From the Icebox inbox – 24

winter moon
pink camellias
till it’s time to go   ………   Michael Henry Lee

frost on the pane.
winter words shaken down
– icy cold breath     ………   Claire Gardien

moonlit shadow
the old dogs lick
each other    ………    P K Padhy

winter work day
filling the wheelbarrow
full of sunshine     ………   Michael Henry Lee

Immortal Love

Under a strong breeze
Kinoshita’s grey ricefield
Turns green and yellow.    ………    kamome

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6 Responses to “From the Icebox inbox – 24”

  1. A very nice potpourri of haiku, thanks, nameless contributor. I like Michael’s, especially the second one. PKP’s is also very visual. Fun poetry, but why this particular collection? The prize winners in some contest? Haiku found scrawled on a wall? The haiku by tomato sauce may be a bit too long, and is difficult to understand for me. I can’t find the Love.

    • Respected Prof. Richard,
      Many thanks for your poetic appreciation of my haiku. I feel haiku represents the art of nanotechnology in literature. Gratitude to all the Masters of the Japanese wonderful literature.

      P K Padhy

      • Nanotechnology? Presumably you mean by this precision and no wastage, right? I, too, enjoyed your image of the two old dogs, although I remember many wilder ones on my visits to India that were out to bite me if they could!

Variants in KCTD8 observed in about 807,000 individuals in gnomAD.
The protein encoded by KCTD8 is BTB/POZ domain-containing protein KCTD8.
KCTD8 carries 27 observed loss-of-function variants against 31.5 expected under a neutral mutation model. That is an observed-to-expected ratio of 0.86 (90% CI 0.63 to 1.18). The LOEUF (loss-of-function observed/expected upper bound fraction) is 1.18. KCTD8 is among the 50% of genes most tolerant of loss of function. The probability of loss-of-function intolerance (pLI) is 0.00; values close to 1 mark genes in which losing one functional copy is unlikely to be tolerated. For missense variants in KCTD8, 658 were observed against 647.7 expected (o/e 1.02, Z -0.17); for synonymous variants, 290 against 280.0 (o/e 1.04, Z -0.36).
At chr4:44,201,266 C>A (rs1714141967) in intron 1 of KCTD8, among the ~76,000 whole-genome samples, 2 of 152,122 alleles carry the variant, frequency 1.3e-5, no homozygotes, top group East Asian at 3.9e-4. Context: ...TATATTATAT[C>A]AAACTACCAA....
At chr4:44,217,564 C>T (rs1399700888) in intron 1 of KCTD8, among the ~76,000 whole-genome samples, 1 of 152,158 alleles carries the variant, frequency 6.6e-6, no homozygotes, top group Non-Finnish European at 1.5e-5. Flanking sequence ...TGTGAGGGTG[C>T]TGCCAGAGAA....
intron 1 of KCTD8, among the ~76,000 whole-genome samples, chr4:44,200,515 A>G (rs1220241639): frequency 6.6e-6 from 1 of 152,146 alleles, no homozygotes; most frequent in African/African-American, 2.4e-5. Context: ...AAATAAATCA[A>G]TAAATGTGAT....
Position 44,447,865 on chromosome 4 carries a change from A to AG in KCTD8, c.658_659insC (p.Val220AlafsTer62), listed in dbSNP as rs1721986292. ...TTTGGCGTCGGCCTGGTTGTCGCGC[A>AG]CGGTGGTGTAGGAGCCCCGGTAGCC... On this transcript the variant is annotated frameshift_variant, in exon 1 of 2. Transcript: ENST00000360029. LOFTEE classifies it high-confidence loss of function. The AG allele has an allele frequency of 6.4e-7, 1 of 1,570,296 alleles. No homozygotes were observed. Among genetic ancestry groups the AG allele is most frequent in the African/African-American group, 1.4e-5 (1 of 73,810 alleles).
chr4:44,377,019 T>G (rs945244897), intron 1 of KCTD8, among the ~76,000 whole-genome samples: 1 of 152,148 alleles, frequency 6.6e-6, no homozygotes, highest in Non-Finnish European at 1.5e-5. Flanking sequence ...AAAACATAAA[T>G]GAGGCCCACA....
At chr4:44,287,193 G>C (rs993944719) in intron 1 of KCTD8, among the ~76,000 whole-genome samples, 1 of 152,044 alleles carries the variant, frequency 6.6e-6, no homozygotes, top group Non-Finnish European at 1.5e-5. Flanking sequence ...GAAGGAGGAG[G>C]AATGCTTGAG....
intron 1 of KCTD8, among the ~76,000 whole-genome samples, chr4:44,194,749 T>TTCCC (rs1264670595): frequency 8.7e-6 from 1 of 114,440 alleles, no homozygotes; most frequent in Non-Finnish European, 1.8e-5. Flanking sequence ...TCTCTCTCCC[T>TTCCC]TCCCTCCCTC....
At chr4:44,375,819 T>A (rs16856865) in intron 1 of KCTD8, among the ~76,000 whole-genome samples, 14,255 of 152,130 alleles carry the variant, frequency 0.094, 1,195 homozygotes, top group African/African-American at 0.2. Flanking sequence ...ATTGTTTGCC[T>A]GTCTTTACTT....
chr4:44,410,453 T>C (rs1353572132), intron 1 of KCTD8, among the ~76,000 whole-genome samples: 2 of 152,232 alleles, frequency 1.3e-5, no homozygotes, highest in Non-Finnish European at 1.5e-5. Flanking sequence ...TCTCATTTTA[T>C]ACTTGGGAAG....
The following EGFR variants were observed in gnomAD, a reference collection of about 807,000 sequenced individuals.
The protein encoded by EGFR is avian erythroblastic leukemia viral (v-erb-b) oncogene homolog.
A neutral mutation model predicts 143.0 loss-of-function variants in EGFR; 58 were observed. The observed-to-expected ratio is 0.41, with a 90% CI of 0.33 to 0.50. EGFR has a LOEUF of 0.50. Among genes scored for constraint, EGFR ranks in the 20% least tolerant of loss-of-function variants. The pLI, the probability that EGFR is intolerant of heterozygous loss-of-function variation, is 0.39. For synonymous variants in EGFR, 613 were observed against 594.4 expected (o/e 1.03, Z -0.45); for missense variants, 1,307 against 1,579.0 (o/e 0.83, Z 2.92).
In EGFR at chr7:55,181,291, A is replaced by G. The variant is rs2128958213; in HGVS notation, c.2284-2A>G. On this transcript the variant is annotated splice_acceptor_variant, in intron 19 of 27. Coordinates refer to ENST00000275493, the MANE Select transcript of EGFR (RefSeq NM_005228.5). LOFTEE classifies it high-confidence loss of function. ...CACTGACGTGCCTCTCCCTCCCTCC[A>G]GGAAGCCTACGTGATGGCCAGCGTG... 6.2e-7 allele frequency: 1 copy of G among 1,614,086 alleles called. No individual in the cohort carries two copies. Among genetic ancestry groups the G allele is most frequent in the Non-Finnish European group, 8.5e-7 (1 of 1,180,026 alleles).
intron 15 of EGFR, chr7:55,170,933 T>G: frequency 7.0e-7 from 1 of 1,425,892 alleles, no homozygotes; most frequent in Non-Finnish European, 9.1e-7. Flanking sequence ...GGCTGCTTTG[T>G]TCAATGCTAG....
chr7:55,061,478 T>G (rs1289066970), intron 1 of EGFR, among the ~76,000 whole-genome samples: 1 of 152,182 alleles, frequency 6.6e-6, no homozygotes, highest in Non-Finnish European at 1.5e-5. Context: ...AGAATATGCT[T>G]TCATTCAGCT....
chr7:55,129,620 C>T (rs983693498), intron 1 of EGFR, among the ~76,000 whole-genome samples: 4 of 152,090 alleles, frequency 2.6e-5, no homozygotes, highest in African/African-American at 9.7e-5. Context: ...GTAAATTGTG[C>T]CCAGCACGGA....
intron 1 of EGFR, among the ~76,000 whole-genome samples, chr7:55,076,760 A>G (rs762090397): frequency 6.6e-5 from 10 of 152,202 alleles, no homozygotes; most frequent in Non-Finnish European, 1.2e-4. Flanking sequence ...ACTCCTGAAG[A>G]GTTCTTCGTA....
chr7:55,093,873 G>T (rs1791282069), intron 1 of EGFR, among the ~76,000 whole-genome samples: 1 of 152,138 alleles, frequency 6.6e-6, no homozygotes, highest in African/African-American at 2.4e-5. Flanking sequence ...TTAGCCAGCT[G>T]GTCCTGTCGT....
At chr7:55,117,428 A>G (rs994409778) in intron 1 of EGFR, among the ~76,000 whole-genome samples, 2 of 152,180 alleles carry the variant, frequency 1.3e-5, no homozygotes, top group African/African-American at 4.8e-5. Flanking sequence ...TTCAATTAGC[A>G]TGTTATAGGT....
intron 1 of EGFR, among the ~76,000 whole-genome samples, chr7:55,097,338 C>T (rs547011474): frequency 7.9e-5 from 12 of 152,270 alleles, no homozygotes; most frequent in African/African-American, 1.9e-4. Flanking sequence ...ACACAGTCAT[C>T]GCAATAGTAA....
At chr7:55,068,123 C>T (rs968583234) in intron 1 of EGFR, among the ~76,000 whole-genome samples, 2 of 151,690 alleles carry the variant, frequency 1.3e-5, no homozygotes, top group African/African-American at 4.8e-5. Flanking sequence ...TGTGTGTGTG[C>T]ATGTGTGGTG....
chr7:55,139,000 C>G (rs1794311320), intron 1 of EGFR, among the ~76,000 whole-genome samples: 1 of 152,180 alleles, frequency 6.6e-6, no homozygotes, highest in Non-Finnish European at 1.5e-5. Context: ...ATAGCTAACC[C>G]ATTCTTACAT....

2. John Dougill Says:

    Like Richard I’m drawn to Michael’s, though personally the first one appeals to me more because of the succinctness… and like Richard, I’m puzzled by the last contribution. But why ‘tomato sauce’, Richard?… that last verse is written by a seagull, surely. Talking of which, there’s nothing so delightful as the yurikamome currently adorning the Kamogamo… Ah, would that my imagination could soar and capture their essence in verse, but all I can come up with are leaden words that refuse to take flight… To capture a seagull in a haiku, or a season in a blade of grass; ay, there’s the rub!

    • The tomato sauce reference is to a brand name of that delicious stuff. Isn’t there such a brand on the grocery store’s shelves? I think so, hence the reference. I’ll have to go shopping with Good Wife Kimiko next time to verify my belief.
      I like the haiku on the whole, nevertheless. Reading them makes me want to put pen to paper. This freezing weather does force one to keep hands in pockets, however, even inside our (old, wooden, leaning) house. Still, everywhere, there is haiku awaiting to be born. I subscribe to a daily Issa haiku offering. Some of this great poet’s works could be leaden at times, as John D. sometimes suffers from.
      However, onward we must march, our poetry flying above our heads like seagulls in this harsh winter wind. Occasionally it will soar; occasionally, it will dip. Maybe, like Jonathan Livingston Seagull, our haiku may crash into a rock wall, leaving us devastated. So it goes in the art world.

  3. What a delightful selection. They all have charm. Love the wheelbarrow full of sunshine and the moonlit shadows and old dogs licking. Immortal love stands alone as a line here ..? Tomato sauce? What tomato sauce? Never mind. Winter moon and frost on the pane – evocative cold weather images.

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